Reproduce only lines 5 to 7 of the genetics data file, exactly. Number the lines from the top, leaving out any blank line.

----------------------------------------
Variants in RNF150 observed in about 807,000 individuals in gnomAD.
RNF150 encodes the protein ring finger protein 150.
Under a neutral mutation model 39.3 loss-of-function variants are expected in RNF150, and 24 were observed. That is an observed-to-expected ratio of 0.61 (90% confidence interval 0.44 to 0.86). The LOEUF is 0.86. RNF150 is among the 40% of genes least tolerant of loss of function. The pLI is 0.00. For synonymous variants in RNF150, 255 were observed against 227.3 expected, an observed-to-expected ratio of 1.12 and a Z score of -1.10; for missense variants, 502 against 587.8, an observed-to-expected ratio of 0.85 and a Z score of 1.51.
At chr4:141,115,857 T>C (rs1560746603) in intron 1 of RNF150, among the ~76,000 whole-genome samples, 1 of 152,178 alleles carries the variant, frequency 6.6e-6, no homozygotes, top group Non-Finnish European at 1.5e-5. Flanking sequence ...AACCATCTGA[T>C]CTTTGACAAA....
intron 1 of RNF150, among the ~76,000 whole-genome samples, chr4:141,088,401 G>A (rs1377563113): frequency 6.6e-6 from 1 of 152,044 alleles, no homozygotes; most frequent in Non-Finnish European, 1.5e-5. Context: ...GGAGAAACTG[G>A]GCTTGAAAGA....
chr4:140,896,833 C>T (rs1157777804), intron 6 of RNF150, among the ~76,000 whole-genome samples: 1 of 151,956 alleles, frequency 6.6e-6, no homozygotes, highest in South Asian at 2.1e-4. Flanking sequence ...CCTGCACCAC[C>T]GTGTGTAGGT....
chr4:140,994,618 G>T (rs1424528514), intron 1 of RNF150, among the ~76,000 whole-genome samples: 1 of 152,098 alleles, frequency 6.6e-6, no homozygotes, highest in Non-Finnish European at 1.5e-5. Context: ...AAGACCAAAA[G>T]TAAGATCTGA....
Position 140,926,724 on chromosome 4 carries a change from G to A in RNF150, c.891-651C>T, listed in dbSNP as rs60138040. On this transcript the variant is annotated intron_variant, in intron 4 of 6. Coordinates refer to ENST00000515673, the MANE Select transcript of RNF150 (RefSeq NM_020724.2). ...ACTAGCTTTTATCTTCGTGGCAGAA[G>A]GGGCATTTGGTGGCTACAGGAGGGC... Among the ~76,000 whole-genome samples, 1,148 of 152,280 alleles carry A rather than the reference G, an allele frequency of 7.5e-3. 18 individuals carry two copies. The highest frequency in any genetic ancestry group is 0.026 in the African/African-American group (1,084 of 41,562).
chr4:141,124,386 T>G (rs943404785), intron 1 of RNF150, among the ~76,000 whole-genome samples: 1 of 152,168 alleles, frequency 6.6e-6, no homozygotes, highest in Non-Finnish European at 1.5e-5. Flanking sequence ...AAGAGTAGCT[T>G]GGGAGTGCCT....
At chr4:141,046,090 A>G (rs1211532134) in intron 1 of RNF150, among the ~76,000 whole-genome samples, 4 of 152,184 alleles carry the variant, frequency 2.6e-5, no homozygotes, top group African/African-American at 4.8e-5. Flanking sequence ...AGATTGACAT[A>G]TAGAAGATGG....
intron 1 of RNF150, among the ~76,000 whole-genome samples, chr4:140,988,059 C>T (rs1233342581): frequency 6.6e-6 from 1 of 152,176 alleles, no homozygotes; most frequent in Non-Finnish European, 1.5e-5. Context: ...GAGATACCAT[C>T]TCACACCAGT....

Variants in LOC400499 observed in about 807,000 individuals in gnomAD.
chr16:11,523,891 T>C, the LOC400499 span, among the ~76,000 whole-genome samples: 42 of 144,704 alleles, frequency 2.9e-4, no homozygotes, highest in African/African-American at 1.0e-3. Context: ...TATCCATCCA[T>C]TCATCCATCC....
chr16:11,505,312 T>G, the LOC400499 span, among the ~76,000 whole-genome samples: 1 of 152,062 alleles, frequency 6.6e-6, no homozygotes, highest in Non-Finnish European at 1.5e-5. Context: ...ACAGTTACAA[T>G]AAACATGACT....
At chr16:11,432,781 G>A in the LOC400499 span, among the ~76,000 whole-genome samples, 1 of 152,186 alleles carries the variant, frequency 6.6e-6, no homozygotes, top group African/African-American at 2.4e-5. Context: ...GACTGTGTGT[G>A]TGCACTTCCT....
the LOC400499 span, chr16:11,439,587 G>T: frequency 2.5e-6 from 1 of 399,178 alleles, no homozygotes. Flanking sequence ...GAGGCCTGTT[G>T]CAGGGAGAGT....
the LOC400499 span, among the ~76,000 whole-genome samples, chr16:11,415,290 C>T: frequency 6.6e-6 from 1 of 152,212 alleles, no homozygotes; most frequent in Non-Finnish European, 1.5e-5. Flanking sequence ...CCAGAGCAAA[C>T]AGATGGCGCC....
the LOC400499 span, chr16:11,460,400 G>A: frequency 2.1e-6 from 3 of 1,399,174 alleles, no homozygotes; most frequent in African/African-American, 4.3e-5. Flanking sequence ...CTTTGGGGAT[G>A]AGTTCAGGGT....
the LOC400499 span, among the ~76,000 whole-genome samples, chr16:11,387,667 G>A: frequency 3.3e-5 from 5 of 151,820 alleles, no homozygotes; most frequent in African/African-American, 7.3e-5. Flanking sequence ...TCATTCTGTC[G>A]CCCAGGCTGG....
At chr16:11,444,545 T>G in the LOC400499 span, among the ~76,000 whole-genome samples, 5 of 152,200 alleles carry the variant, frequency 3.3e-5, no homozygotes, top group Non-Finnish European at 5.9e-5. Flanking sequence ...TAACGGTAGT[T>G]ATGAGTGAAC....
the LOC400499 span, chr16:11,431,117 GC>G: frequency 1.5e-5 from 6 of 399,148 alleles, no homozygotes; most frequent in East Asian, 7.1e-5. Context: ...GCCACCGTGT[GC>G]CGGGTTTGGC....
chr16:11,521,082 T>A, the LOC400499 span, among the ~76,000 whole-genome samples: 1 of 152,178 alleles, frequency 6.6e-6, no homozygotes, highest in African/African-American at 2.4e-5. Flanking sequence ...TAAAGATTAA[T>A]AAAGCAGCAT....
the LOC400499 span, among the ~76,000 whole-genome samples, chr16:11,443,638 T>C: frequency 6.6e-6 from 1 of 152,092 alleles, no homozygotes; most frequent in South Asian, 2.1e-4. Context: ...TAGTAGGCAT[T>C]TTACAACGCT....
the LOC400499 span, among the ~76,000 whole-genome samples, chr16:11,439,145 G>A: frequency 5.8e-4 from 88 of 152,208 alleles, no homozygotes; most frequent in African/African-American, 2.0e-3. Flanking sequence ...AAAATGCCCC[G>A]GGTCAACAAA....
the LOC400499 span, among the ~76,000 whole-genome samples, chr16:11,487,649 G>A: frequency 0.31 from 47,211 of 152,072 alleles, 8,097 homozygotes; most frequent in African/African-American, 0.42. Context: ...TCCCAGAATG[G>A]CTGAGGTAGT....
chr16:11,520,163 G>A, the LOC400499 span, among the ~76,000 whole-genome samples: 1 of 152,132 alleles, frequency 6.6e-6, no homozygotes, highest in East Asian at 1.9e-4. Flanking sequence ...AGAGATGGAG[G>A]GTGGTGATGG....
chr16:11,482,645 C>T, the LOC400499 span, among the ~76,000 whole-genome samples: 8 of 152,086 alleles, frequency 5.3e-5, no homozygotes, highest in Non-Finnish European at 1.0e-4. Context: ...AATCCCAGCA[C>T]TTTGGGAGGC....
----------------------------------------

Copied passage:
intron 1 of RNF150, among the ~76,000 whole-genome samples, chr4:141,088,401 G>A (rs1377563113): frequency 6.6e-6 from 1 of 152,044 alleles, no homozygotes; most frequent in Non-Finnish European, 1.5e-5. Context: ...GGAGAAACTG[G>A]GCTTGAAAGA....
chr4:140,896,833 C>T (rs1157777804), intron 6 of RNF150, among the ~76,000 whole-genome samples: 1 of 151,956 alleles, frequency 6.6e-6, no homozygotes, highest in South Asian at 2.1e-4. Flanking sequence ...CCTGCACCAC[C>T]GTGTGTAGGT....
chr4:140,994,618 G>T (rs1424528514), intron 1 of RNF150, among the ~76,000 whole-genome samples: 1 of 152,098 alleles, frequency 6.6e-6, no homozygotes, highest in Non-Finnish European at 1.5e-5. Context: ...AAGACCAAAA[G>T]TAAGATCTGA....